In a massive new decision, Regina Metro Co. LLC v DHCR, the Court of Appeals severely cut back the expanded rent overcharge rules passed just last year in the Housing Security and Tenant Protection Act of 2019. The ruling fundamentally alters the way overcharges are calculated, from overwhelmingly favoring tenants to overwhelmingly favoring landlords.
Before HSTPA, overcharges under rent stabilization were limited by the “4-year rule.” That is, with certain narrow exceptions, overcharges were calculated based on the rent actually charged four years prior to filing an overcharge complaint, whether that rent was otherwise proper. In other words, a landlord could permanently reap the benefits of an illegal rent as long as no tenant challenged it within four years. The pre-HSTPA law also limited the treble damages for willful overcharges to the most recent two years.
HSTPA changed all this. It extended the statute of limitations to six years and explicitly allowed examination of rental history beyond that date if necessary to calculate the legal rent. It also permitted tenants to recover treble damages for the entire six-year period. Crucially, HSTPA made the new rules applicable to all “pending cases.” This meant that landlords would be liable under the new HSTPA rules even for overcharges collected under the old rules.
Regina changed all this back again, at least for overcharges occurring prior to enactment of HSTPA in June 2019. Specifically, the Court of Appeals found that it was unconstitutional to impose liability retroactively. Any overcharges collected under the pre-HSTPA law are now calculated under the old law. The impact is enormous, as demonstrated by one of the tenants in Regina. Using HSTPA calculations, the tenant was entitled to recover over $285,000 in overcharges but under the now mandated old rules, she recovers a mere $10,000.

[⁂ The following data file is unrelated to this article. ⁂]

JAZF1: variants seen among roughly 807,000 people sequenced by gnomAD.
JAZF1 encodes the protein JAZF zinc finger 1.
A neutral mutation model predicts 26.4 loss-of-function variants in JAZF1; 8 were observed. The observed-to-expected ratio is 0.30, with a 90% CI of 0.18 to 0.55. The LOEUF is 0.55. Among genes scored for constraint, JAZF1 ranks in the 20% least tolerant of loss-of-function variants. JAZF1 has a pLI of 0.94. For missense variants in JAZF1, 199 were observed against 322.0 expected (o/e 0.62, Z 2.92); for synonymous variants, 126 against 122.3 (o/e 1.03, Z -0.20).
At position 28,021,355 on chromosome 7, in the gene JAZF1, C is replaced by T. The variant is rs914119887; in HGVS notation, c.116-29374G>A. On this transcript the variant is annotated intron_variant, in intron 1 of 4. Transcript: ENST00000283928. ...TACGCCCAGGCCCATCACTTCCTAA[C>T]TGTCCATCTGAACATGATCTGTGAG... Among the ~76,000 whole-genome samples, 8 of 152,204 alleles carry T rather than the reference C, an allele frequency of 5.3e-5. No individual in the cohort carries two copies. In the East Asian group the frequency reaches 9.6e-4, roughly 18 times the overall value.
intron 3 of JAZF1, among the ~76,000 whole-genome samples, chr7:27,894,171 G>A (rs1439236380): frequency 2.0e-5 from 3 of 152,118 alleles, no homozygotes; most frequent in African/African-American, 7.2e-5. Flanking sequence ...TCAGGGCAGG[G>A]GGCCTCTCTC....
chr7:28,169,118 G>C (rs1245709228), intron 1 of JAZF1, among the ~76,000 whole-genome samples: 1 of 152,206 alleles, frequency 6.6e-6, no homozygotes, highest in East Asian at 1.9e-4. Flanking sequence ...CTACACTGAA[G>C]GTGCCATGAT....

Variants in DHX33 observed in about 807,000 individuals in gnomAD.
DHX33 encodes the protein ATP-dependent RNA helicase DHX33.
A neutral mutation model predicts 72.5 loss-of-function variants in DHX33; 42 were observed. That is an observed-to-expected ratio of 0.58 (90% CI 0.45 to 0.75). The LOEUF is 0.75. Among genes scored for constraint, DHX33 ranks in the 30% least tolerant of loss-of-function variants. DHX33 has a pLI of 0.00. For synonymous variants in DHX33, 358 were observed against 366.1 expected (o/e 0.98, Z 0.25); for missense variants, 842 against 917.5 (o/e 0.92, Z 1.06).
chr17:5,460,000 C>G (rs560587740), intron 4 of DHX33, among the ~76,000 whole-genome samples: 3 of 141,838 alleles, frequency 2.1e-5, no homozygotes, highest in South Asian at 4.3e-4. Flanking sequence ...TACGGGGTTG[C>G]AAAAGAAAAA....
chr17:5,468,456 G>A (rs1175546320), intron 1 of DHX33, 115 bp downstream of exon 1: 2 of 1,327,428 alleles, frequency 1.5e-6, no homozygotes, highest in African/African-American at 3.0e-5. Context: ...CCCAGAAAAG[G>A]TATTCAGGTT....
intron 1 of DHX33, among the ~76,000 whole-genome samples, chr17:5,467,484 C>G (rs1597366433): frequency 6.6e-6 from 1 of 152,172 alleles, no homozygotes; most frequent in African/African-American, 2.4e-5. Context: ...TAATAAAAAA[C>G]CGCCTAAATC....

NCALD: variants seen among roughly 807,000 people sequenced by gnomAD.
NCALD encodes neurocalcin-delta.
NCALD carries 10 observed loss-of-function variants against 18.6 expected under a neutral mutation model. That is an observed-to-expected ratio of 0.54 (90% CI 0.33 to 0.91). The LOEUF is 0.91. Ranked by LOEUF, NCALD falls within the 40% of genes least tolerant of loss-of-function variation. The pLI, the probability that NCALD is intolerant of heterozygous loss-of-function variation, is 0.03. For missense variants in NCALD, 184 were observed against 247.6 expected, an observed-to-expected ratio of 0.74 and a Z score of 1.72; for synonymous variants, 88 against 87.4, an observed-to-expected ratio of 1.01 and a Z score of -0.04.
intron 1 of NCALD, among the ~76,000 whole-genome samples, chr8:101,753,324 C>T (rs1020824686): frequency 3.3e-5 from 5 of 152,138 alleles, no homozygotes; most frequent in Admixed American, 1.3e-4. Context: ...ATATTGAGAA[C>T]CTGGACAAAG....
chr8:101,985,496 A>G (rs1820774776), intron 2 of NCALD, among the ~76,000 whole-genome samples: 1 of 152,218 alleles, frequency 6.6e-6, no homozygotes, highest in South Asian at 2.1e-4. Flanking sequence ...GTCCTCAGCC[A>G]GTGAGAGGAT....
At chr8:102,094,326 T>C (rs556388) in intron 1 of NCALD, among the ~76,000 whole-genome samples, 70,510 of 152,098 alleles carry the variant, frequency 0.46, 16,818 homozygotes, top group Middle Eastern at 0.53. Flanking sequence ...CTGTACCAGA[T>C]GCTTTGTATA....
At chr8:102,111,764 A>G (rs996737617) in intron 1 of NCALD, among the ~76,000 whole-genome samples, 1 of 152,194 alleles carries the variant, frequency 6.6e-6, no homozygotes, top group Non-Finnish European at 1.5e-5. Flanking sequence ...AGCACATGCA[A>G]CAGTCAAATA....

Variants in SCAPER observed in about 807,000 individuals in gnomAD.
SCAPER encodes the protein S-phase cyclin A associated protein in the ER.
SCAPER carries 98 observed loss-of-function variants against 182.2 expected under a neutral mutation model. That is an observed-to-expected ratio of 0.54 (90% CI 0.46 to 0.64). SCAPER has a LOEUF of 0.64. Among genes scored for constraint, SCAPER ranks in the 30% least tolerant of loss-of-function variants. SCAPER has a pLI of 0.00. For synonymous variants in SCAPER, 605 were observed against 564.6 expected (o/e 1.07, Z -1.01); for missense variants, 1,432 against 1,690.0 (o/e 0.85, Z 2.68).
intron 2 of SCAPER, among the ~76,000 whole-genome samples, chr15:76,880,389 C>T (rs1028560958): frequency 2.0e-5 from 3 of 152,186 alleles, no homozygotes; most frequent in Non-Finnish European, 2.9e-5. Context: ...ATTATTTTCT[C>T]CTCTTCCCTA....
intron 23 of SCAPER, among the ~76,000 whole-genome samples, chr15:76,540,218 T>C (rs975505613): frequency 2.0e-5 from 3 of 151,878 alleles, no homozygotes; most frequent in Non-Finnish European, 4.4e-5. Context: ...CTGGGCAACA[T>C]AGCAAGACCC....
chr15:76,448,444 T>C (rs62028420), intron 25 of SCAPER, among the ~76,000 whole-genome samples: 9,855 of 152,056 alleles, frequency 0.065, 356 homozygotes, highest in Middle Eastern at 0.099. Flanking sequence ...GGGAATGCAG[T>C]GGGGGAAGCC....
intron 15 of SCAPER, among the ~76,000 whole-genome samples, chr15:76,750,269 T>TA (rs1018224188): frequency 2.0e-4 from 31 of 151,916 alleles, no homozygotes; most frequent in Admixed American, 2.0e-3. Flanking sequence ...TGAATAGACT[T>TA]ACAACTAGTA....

It’s way too soon to know for certain how Regina will play out going forward, but it seems likely that for the next several years overcharge cases will be bifurcated. Any rents collected prior to July 2019 will be analyzed under the old 4-year rule while rents collected after June 2019 will be analyzed under the new HSTPA rules. This will undoubtedly result in some peculiar outcomes where the “legal” pre-July 2019 rent is actually higher than the post-June 2019 rent. It also means that the full implementation of the HSTPA overcharge regime will not occur until July 2025, when all pre-HSTPA rents will be beyond HSTPA’s six-year statute of limitations.
This is a breathtaking swing of the legal pendulum back to landlords. Expect a forceful political effort from tenants to try to reverse or soften the impact of Regina with new legislation. Stay tuned …